The New York City Ballet’s Fall Gala
You can discover online a photo of Sarah Jessica Parker, swirling the yards of fuschia material in which designer Zac Posen had garbed her for the New York City Ballet’s Fashion Gala (she was one of six Gala chairpeople). The September 26th event— the eighth of its kind for NYCB— garnered 2.6 million dollars and occasioned the premieres of two new ballets: Lauren Lovette’s The Shaded Line (with costumes by Posen) and Edwaard Liang’s Lineage (with costumes by Anna Sui). A very in-house affair, since Lovette is a principal dancer in NYCB as well as a talented choreographer, and Liang, the artistic director of Columbus, Ohio’s BalletMet, was once a soloist in NYCB. The program ended with the company’s co-founder, George Balanchine’s great 1947 Symphony in C.
Brought up on story ballets in his native Russia, Balanchine knew how to spin a tale. His Apollo comes to mind. So do Bugaku, Night Shadow (aka La Somnambula), and others, but he preferred to let movement and designs in space evoke feelings obliquely. Lovette became a choreographer decades later, when literature sometimes twists and upends traditional narrative structure. The Shaded Line, her third work for NYCB, is as ambiguous as its title and a lot fiercer.The accompaniment, Tan Dun’s violin concerto, Fire Ritual (with Kurt Nikkanen as the soloist), has its gentle moments, but is also ferocious, complex in its texture; both the musicians and the dancers cry out, yell; you can imagine flames.
Lovette has assembled a small army of dancers: twelve women, eight men, and four principal dancers (three women and one man): Georgina Pazcoguin, Mary Thomas MacKinnon, Unity Phelan, and Taylor Stanley. Pazcoguin is the central figure, the seeker. As The Shaded Line begins, everyone else onstage is frozen, as if waiting for her to bring them to life. . .or into memory. The other three principals may be her alter egos. In Lovette’s tilted world, the subject could be gender and its issues—the “shaded line” to which the title refers. Pazcoguin wears black pants, a white shirt, and black pointe shoes; a short wig confines her hair. During the course of the ballet, she removes the shoes and dances barefoot, but later puts them on again.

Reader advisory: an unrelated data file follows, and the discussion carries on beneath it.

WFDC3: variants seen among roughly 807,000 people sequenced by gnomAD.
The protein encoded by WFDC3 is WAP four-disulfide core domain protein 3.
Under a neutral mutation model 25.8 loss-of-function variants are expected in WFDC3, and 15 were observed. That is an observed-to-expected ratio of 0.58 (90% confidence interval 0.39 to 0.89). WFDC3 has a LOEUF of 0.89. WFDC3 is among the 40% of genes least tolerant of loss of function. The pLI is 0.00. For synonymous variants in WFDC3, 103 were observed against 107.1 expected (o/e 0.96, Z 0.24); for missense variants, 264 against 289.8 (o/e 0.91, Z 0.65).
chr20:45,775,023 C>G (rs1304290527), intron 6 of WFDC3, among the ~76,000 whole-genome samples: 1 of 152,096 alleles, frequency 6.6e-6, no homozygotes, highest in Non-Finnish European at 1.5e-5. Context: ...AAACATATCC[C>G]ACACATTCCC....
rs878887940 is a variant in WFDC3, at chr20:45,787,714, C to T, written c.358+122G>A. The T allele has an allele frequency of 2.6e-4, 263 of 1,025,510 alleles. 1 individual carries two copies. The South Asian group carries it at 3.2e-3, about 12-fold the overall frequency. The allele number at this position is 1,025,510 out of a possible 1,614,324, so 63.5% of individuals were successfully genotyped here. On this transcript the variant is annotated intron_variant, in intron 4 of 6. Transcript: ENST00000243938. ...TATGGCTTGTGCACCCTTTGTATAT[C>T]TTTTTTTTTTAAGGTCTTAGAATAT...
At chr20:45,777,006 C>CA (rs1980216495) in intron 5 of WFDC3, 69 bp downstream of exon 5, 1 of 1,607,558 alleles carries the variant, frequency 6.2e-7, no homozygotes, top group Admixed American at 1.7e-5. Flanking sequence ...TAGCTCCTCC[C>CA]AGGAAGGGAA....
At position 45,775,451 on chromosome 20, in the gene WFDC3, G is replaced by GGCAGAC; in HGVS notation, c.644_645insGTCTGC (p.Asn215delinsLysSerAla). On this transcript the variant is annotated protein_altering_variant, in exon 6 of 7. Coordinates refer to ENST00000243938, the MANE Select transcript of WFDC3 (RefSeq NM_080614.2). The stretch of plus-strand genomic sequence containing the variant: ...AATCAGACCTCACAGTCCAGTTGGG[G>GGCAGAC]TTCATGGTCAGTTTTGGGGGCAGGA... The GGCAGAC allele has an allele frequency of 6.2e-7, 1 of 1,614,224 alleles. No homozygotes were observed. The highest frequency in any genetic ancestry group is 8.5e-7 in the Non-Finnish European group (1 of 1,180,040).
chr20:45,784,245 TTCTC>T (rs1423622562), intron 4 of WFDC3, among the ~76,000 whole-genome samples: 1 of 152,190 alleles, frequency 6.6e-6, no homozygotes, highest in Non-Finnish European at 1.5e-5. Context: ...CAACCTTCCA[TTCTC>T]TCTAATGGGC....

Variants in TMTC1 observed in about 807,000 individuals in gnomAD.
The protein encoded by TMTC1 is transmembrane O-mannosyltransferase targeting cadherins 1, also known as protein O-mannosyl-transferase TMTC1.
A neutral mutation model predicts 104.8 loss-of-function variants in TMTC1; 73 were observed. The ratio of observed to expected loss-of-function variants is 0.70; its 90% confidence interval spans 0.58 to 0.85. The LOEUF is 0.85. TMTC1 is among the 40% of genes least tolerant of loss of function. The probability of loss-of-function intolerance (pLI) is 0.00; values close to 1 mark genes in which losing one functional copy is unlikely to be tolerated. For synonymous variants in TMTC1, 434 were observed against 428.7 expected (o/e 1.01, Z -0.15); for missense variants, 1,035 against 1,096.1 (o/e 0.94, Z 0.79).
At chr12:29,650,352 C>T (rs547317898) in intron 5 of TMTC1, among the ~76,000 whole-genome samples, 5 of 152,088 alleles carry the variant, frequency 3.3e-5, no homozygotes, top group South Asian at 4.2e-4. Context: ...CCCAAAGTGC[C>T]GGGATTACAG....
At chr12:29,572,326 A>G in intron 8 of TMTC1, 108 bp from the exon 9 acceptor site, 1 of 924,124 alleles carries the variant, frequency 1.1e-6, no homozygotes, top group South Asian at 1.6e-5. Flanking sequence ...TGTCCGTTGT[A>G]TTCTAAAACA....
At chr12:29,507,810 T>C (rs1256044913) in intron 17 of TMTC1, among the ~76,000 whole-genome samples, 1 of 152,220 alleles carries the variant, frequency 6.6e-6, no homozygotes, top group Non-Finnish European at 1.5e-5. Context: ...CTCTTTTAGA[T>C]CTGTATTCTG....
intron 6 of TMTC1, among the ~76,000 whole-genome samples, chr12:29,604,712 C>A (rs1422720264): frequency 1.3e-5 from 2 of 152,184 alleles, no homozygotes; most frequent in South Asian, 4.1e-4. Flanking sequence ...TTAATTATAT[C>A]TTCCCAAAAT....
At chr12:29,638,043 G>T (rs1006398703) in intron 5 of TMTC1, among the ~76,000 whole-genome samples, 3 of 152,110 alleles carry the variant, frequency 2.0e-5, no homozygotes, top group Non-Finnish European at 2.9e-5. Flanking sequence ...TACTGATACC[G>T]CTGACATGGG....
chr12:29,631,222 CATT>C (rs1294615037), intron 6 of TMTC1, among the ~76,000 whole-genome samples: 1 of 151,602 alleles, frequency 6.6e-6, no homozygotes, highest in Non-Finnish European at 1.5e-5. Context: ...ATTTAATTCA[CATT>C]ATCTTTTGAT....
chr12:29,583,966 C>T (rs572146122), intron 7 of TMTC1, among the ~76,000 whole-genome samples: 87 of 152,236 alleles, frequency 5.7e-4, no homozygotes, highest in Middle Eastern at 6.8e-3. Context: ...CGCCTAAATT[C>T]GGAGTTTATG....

Posen’s costumes for the other women suggest ballet attire turned inside out and upside down; they affirm what may also be a theme in the work: ballet as nightmare. Their short tutus are open in front and slant upward in back; when a dancer turns away from the audience, we see net arcing over a white-clad butt (only MacKinnon has a longer, more fully fledged tutu). The bodices for the women and the vests for the men resemble corsets. (Director of Costumes Marc Happel and his staff, who figure in the backstage film that opened the evening, faced the challenge with their predictable expertise).
All the dancers performed wonderfully, wholeheartedly, Pazcoguin showing both her expertise and her character’s confusion. Over the course of the dance, she partners the principal women, is surrounded, confronted, lifted high, shaken, dragged across the floor, and (maybe) crowned. She and Stanley dance in unison (affirming—or exploring— her male-ness?). Sometimes she calls out words that I can’t quite decipher. At least once, everyone else goes crazy (in her mind?). At the end of the ballet, she is alone onstage. On pointe. I wonder if the NYCB might reverse its aversion to program notes and allow Lovette a very tiny explanation of what we were about to see.
Edwaard Liang is a more experienced choreographer than Lovette. He has created works for numerous companies, both in the United States and abroad. His Lineage features four principal couples, two secondary ones, and four additional ones. Its score, Apollo, by the youngish British composer Oliver Davis—like Dun’s music that accompanies Lovette’s ballet—features a solo violinist (Arturo Delmoni), and it is that instrument’s voice that is heard as the ballet begins. Mark Stanley (who lit both the new works) creates a red dawn to which the dancers seem to awaken. Anna Sui’s costumes evoke a sophisticated and nameless peasant culture, with boots for the men and (initially) vividly flowered skirts for the women that they hold out as they dance. It’s not surprising that these celebrants first come together in a circle.